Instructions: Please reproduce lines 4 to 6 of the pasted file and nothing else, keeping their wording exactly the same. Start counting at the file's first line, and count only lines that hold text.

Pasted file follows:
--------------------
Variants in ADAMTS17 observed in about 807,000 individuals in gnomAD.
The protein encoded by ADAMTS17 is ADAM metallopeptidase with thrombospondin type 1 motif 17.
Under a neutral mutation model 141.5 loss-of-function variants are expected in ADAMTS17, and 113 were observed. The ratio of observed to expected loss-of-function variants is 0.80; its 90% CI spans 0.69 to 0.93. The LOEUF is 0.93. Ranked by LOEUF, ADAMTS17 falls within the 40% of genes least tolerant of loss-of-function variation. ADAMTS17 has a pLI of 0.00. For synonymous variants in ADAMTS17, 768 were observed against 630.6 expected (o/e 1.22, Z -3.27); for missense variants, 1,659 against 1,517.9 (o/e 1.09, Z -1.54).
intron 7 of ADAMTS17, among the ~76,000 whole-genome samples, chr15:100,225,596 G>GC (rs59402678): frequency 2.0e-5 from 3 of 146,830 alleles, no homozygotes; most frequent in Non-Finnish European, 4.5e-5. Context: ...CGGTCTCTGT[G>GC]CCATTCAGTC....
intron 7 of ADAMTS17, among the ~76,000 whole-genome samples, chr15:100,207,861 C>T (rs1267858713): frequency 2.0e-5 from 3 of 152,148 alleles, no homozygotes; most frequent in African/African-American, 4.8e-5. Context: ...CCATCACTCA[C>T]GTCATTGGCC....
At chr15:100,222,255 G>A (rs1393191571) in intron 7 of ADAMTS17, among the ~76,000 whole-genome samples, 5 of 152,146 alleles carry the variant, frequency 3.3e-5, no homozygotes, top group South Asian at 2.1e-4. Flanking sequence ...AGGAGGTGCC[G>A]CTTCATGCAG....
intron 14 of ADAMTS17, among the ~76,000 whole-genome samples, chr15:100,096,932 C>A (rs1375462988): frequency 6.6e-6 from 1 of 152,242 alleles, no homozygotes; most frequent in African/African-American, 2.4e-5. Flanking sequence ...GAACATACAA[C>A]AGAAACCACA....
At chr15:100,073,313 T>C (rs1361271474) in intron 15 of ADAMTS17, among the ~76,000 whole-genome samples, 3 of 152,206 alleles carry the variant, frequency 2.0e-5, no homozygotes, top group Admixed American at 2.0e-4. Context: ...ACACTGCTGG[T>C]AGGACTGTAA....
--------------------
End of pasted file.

intron 7 of ADAMTS17, among the ~76,000 whole-genome samples, chr15:100,225,596 G>GC (rs59402678): frequency 2.0e-5 from 3 of 146,830 alleles, no homozygotes; most frequent in Non-Finnish European, 4.5e-5. Context: ...CGGTCTCTGT[G>GC]CCATTCAGTC....
intron 7 of ADAMTS17, among the ~76,000 whole-genome samples, chr15:100,207,861 C>T (rs1267858713): frequency 2.0e-5 from 3 of 152,148 alleles, no homozygotes; most frequent in African/African-American, 4.8e-5. Context: ...CCATCACTCA[C>T]GTCATTGGCC....
At chr15:100,222,255 G>A (rs1393191571) in intron 7 of ADAMTS17, among the ~76,000 whole-genome samples, 5 of 152,146 alleles carry the variant, frequency 3.3e-5, no homozygotes, top group South Asian at 2.1e-4. Flanking sequence ...AGGAGGTGCC[G>A]CTTCATGCAG....